Curriculum Reform in the United States
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This paper examines the American curriculum today, noting that it can be viewed as having remained substantially the same in form within, while undergoing enormous pressures to change from without. From such experimental programs as the Dalton Plan, the Winnetka Plan, and the Gary Plan, and from the pioneering work of Francis W. Parker and, notably, John Dewey, which ushered in the "progressive education" of the 1920s and 1930s, American schools, curricula, and teacher training have changed in favor of more flexible and cooperative methods. These new approaches have been pursued within a school that is seen as an overall learning community. The attempt to place the nature and experience of the child and the present life of the society at the center of school activity has been a primary focus of this approach.
From the Paper:"According to several studies in the last 10 years, the use of newer forms of assessment have provided an increasing alignment between what is being taught and what is being assessed. Anderson et al. point out that if assessment continues to advance, teachers should no longer feel compelled to "teach to tests" because tests will be more in harmony with good teaching practices. In the past, there was clear evidence that teachers frequently narrowed their curriculum just to improve test scores. Therefore, students who are engaged in programs of instruction using quality literature as a basis for reading, comparing, reflecting, and writing will clearly have an advantage on new forms of reading assessment."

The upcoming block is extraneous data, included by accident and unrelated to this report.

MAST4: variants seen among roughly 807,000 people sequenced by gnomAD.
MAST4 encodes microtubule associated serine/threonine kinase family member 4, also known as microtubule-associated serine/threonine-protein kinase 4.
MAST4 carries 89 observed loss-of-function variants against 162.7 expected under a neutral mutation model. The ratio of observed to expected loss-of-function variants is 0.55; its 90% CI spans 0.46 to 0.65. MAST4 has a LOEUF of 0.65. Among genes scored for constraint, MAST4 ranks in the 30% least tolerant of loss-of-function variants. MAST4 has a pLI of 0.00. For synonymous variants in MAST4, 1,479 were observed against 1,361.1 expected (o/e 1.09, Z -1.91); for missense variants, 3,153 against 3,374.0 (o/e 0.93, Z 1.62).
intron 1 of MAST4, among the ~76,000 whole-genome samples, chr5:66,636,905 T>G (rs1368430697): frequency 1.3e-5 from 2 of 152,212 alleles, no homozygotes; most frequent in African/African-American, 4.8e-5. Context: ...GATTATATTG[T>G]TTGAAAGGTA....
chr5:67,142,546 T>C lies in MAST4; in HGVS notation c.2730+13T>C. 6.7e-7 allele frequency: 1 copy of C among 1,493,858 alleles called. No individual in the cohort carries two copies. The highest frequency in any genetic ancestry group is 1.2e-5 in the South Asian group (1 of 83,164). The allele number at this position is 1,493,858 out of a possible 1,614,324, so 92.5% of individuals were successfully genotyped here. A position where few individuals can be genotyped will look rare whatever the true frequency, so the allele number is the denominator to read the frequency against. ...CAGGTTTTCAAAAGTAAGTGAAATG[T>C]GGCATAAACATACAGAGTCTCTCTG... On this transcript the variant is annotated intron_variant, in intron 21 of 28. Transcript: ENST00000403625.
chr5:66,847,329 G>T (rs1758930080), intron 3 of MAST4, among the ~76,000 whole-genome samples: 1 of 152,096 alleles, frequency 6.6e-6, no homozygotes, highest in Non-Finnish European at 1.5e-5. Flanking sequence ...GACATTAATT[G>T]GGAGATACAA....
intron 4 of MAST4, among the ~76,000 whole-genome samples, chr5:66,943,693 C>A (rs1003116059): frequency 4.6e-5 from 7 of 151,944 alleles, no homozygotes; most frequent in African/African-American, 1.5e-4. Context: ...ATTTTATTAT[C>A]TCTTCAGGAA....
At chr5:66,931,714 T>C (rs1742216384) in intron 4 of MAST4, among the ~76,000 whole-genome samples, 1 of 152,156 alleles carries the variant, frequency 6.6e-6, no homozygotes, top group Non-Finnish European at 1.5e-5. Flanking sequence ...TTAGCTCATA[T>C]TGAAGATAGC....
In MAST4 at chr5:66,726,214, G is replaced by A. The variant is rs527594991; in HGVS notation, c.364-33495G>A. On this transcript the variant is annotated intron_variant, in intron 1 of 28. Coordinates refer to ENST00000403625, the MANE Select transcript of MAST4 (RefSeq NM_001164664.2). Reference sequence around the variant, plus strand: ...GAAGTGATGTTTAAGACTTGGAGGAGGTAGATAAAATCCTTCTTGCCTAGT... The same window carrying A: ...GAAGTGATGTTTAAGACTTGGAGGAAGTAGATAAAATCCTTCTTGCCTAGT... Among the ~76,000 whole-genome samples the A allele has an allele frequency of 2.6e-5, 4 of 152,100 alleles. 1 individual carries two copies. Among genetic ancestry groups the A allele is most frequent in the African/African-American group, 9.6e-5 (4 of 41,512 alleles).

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Curriculum Reform in the United States (2004, September 20) Retrieved July 12, 2020, from https://www.academon.com/research-paper/curriculum-reform-in-the-united-states-52747/
"Curriculum Reform in the United States" 20 September 2004. Web. 12 July. 2020. <https://www.academon.com/research-paper/curriculum-reform-in-the-united-states-52747/>